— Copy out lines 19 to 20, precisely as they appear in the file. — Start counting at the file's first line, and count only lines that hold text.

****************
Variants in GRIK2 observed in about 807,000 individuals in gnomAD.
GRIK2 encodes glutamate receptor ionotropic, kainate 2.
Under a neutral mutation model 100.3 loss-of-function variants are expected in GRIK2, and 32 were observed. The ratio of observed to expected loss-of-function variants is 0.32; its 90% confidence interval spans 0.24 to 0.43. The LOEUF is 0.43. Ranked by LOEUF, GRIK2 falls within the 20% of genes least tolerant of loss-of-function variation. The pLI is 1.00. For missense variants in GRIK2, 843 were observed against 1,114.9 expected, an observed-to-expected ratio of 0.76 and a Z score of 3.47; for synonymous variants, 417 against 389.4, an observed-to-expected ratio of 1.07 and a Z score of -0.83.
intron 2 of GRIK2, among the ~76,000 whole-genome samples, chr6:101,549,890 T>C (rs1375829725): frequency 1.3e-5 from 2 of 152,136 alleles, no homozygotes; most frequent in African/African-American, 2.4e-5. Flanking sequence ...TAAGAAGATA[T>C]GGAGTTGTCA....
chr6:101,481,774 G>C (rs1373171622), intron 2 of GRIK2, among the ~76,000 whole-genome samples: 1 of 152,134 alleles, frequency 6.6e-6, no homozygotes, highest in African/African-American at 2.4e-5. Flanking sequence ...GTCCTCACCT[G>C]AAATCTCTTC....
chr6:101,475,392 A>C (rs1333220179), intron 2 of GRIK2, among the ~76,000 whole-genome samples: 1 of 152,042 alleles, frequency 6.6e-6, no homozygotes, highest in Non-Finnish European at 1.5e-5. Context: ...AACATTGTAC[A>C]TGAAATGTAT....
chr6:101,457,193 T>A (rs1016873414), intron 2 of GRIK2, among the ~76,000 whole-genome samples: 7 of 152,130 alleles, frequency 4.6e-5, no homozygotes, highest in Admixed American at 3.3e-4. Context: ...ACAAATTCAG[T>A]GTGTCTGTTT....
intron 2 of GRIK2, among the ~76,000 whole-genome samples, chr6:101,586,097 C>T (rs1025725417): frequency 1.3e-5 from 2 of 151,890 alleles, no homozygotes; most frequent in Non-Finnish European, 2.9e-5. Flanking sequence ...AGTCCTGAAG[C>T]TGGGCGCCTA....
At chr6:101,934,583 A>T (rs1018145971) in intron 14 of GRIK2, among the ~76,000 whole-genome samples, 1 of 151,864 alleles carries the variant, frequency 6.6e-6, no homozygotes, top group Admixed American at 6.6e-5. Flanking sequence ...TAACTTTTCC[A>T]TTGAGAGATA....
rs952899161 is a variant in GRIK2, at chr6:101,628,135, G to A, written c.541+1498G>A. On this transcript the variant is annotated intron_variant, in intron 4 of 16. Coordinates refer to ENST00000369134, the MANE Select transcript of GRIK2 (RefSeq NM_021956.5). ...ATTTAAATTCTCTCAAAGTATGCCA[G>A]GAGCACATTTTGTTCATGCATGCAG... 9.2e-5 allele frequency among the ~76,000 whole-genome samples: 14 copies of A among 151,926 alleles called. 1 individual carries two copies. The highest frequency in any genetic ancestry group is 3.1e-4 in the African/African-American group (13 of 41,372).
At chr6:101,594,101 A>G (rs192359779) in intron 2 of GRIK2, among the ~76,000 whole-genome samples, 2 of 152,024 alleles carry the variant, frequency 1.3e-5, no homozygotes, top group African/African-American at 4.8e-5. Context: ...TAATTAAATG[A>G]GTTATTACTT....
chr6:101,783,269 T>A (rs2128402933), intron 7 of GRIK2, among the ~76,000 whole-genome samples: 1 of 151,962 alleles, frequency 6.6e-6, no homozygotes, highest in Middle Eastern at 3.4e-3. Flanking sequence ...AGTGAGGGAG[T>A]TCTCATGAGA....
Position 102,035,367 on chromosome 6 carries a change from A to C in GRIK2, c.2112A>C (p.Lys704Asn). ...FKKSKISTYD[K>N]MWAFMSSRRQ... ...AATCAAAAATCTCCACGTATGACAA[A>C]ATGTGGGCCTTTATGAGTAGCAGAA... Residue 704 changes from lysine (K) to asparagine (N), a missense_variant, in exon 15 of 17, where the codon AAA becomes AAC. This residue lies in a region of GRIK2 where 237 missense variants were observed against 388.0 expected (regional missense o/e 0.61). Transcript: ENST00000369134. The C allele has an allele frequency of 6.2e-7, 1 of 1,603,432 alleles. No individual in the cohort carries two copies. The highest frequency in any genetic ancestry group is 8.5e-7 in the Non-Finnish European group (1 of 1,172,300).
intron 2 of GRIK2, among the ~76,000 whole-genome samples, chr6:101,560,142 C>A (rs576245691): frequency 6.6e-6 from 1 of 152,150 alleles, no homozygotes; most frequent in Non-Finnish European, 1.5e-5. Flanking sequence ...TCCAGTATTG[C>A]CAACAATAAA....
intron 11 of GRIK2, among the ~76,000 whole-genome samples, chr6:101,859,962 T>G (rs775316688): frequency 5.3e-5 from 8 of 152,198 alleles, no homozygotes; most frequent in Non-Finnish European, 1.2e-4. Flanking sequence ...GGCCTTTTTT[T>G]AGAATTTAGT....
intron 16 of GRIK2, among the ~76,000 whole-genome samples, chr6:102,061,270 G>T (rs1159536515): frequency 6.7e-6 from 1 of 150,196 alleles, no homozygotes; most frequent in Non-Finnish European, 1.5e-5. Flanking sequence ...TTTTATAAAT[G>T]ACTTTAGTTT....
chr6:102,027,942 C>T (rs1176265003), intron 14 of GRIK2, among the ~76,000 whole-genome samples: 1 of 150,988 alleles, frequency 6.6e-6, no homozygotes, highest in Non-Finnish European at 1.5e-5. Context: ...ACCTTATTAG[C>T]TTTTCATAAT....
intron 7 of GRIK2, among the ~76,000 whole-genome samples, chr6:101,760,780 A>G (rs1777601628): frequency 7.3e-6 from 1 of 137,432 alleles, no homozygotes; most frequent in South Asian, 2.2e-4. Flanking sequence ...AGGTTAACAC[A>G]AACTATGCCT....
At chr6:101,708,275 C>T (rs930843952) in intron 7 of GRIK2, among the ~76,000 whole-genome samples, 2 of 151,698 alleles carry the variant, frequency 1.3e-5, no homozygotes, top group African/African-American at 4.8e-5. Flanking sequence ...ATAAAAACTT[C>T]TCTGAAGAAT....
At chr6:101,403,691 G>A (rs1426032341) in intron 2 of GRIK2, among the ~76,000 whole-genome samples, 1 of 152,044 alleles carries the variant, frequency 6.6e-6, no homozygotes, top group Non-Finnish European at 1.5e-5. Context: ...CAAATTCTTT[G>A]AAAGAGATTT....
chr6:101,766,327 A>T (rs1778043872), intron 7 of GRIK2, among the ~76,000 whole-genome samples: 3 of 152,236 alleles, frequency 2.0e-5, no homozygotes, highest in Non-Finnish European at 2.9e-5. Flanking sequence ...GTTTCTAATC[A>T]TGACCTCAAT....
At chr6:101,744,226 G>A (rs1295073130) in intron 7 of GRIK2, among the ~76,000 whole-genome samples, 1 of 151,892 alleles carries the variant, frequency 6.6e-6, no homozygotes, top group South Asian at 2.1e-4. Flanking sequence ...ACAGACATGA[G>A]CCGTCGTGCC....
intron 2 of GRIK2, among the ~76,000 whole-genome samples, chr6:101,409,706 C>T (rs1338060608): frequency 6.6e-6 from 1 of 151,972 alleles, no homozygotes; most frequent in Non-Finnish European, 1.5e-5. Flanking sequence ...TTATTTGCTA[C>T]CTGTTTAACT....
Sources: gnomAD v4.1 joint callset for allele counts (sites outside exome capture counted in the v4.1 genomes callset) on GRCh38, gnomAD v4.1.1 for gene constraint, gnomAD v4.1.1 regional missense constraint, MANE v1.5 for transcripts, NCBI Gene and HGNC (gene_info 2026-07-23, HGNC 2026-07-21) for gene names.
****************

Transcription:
At chr6:101,708,275 C>T (rs930843952) in intron 7 of GRIK2, among the ~76,000 whole-genome samples, 2 of 151,698 alleles carry the variant, frequency 1.3e-5, no homozygotes, top group African/African-American at 4.8e-5. Flanking sequence ...ATAAAAACTT[C>T]TCTGAAGAAT....
At chr6:101,403,691 G>A (rs1426032341) in intron 2 of GRIK2, among the ~76,000 whole-genome samples, 1 of 152,044 alleles carries the variant, frequency 6.6e-6, no homozygotes, top group Non-Finnish European at 1.5e-5. Context: ...CAAATTCTTT[G>A]AAAGAGATTT....